After further review of the one-vehicle accident involving Deputy Sheriff Brady Graham of the Livingston County Sheriff's Department on May 16, authorities believe the following events happened and/or contributed to the deputy losing control of the sheriff’s patrol vehicle during an emergency response call.
After further review of the one-vehicle accident involving Deputy Sheriff Brady Graham of the Livingston County Sheriff's Department on May 16, authorities believe the following events happened and/or contributed to the deputy losing control of the sheriff’s patrol vehicle during an emergency response call. The call was of an intruder at a home attempting to kidnap two children at the rural residence in North West Livingston County.
According to the Livingston County Sheriff Steve Cox's report, Deputy Graham was operating the patrol car with emergency lights and siren activated and was properly wearing his seatbelt. The patrol car speed reached 92 miles per hour during the response which is not excessive in an emergency code response, according to the sheriff.
In a video posted by the Sheriff's Office (http://www.youtube.com/watch?v=rPWOGYw0BSA&feature=youtu.be) Deputy Graham continued communication with the 911 dispatcher as he was driving west bound on Highway 190. As Deputy Graham was going into the curve west of the Thompson River Bridge he hits the “Air Horn” on the siren box, in an apparent attempt to get attention of an oncoming driver that was allegedly not lawfully yielding to the emergency vehicle. Deputy Graham jerked the steering wheel as he quickly attempted to reposition his patrol car to give the on-coming vehicle more room and avoid a possible crash with another vehicle/person.
According to Cox, Deputy Graham recently graduated from the Emergency Vehicle Operations Course (EVOC) at the Missouri State Highway Patrol Training Academy.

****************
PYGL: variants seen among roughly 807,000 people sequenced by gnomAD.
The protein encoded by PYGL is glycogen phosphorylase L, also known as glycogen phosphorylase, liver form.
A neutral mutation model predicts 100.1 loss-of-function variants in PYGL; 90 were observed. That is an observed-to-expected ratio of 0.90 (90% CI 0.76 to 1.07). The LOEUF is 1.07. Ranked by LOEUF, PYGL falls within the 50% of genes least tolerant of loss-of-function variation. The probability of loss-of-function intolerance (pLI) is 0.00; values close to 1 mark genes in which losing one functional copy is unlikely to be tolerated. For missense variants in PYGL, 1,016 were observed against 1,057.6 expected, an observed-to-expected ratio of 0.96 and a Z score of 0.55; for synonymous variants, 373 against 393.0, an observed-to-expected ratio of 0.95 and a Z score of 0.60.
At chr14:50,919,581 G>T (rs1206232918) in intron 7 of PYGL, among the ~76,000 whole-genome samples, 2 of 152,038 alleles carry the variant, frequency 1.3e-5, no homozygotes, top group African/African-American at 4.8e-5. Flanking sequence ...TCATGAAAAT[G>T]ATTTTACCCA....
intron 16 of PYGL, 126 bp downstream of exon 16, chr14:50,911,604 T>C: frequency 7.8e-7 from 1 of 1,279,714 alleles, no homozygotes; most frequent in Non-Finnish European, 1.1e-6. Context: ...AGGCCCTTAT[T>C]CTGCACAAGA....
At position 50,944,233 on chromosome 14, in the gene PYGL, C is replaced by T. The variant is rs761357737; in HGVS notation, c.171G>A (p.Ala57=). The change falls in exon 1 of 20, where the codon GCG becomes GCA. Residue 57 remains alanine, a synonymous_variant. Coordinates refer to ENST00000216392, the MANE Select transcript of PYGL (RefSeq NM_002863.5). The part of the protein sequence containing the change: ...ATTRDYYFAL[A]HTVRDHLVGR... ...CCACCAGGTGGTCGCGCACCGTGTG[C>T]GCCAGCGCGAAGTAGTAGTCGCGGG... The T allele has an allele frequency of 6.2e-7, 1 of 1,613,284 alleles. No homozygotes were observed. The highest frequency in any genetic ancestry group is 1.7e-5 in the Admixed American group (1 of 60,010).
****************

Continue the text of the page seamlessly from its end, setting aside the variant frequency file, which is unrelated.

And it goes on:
"That week long course has day and night driving under very intense conditions including emergency response and pursuits at very high speeds," stated Cox. "We believe this training was extremely helpful for Deputy Graham in maintaining enough control of the patrol car to keep it upright and not flipping or rolling after if left the roadway on such a steep embankment. Had the vehicle rolled or flipped the deputy would have more likely suffered injury. Although the car is a loss, we are thankful that Deputy Graham’s education, training, and experience kept him from being seriously injured and from being involved in a crash with another motorist."
Cox also stated that the other important issues on this video is the importance of seat belt us. Deputy Graham was traveling 92 when he sounded the air horn at the oncoming vehicle and he was traveling 86 miles per hour when his patrol car left the roadway. In the video the contents of the car are shown being thrown around but the seatbelt kept Deputy Graham safely in the driver’s seat.
"In this case the seatbelt and training are what permitted our deputy sheriff to walk away without from this incident," said Cox.